(Click the image for bigger version.)

Conclusions of the copy/pasted content

We found that most of the texts within the two chapters we analysed had been copy/pasted from other sources with trivial word changes here and there. Of the analysed 27 paragraphs 21 were found to contain copy/pasted content with half of the paragraphs being almost completely copy/pasted (copy/paste content over 80%). Among the sources were IPCC AR4, Wikipedia, some journal articles, and a book chapter written by F13 which had originally copied some of the contents from other sources. In the light of these findings it seems safe to say that F13 doesn't seem to be an original piece of work, but instead seems to have been stitched together by copy/pasting from other people's work, without acknowledgement.

Additional information

The full analysis of copy/pasted content.

References

Florides G., Christodoulides P., Messaritis V. (2010), Global warming: CO2 vs sun. In: Harris, Stuart Arthur, editor. Global warming, Sciyo, ISBN 978-953-307-149-7.

Georgios A. Florides, Paul Christodoulides, Vassilios Messaritis (2013, "F13"), Reviewing the effect of CO2 and the sun on global climate, Renewable and Sustainable Energy Reviews, Volume 26, October 2013, Pages 639-651, ISSN 1364-0321, http://dx.doi.org/10.1016/j.rser.2013.05.062.

Veizer, Ján (2005). Celestial Climate Driver: A Perspective from Four Billion Years of the Carbon Cycle. Geoscience Canada, [S.l.], mar. 2005. ISSN 1911-4850.

Eric Monnin, Eric J Steig, Urs Siegenthaler, Kenji Kawamura, Jakob Schwander, Bernhard Stauffer, Thomas F Stocker, David L Morse, Jean-Marc Barnola, Blandine Bellier, Dominique Raynaud, Hubertus Fischer (2004), Evidence for substantial accumulation rate variability in Antarctica during the Holocene, through synchronization of CO2 in the Taylor Dome, Dome C and DML ice cores, Earth and Planetary Science Letters, Volume 224, Issues 1–2, 30 July 2004, Pages 45-54, ISSN 0012-821X, http://dx.doi.org/10.1016/j.epsl.2004.05.007.

 

 

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Comments

Comments 1 to 20:

  1. Great detective work. Plagiarising would get your university essay failed.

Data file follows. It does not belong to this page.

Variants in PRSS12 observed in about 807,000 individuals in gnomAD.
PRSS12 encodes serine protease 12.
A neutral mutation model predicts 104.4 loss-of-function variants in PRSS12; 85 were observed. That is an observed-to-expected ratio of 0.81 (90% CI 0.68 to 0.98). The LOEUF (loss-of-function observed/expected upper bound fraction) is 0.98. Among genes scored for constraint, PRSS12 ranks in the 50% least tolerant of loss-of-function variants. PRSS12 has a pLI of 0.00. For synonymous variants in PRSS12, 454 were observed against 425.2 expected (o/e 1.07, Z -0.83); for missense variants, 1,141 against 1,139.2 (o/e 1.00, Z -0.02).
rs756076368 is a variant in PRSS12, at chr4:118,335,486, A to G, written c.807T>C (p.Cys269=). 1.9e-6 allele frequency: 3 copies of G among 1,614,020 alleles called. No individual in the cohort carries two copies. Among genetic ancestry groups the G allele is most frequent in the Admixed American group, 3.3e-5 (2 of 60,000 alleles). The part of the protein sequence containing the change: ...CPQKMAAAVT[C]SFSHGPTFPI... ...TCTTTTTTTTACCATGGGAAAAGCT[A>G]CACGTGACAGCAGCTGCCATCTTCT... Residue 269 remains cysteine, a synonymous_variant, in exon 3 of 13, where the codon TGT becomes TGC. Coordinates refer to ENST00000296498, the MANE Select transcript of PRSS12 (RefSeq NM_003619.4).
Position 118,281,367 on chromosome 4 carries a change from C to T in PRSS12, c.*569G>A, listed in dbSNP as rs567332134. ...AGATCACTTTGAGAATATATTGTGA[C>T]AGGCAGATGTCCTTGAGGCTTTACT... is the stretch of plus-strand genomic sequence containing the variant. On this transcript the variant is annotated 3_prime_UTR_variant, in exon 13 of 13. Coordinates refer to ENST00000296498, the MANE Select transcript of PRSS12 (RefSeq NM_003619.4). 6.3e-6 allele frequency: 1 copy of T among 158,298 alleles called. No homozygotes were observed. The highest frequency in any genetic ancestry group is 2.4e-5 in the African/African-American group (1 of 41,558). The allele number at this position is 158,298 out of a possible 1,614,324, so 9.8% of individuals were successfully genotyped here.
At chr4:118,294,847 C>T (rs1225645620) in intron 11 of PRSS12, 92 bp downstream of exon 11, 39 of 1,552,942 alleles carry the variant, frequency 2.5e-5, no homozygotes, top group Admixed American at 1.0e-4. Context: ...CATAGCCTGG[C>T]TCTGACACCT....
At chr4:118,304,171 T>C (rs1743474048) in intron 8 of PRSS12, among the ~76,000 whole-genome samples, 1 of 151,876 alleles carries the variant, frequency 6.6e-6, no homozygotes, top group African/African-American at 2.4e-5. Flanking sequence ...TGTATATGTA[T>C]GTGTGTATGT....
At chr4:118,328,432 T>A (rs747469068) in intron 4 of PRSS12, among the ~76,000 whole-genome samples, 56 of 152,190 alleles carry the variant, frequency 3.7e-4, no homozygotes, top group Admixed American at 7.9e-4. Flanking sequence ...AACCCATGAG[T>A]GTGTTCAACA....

The consistent changing of just a few words sure looks like it might be an organised and deliberate pattern. For whatever reason I "couldnt possibly say".

    The abstract of the F13 paper does indeed look like an excuse to sneak various myths into a so called research paper. It looks like a tasty gish gallop of debunked things to cause as much doubt as possible by careful word choice and subtle implication. Its not healthy upfront science, its a form of word play and unspoken communication by hitting hot buttons in the intended audience.

    I don't know on what basis they would say Greenland is  representative of the entire northern hemisphere. Looks like an empty assertion, unless they explain better somewhere else. I know this jumps the gun away from the copy and paste issue, but it jumped out and I will forget if I don't mention it now.

    I also don't understand their ideas about global warming being related to partial pressure of gases in some sort of bicycle pump affect. Its true P/T = C for a given body of gas, even I remember  stuff from chemistry class a million years ago, but nobody has been able to show where this additional pressure is coming from, to cause an actual increase in temperature. I certainly dont see any evidence from quantities of added gases, or changes in flow of masses of air bodies. Smells like pseudoscience to me.

    I look forward to your in depth look at this side of things.

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  2. What nigelj said about plagiarism.

    As for the bit about partial pressures affecting warming - it is probably part of the Sky-Dragon-class physics that says the whole atmospheric temperature profile is due to pressure heating (or something like that - I can't do justice to an idea that is that far from reality). There is a recent post on the subject over at And Then There's Physics.

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  3. Out of curiosity, what are the advantages and disadvantages to writing a rebuttal paper when shoddy science is used in the denier literature?   I realize this is a slightly different case since it involves plagarism, but I hope you all don't mind because it is something I've wondered for awhile.

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  4. Derek, your question may be a little premature.   Let's see more on the details of that paper.   Valid "denier literature" is rarer than rocking-horse poo.   But anything which shows even a degree of verisimilitude, is like a sticking-up nail that ought to be hammered down.  (Unless the "literature" appears in Shonksville extremist publications like Journal of American Physicians & Surgeons ~ where Richard Lindzen has published [more a rant than a paper]).

    I keenly look forward to Ari Jokimaki's next instalment.

    (My apologies, Ari — for I haven't discovered how to correctly make the umlaut in your surname. )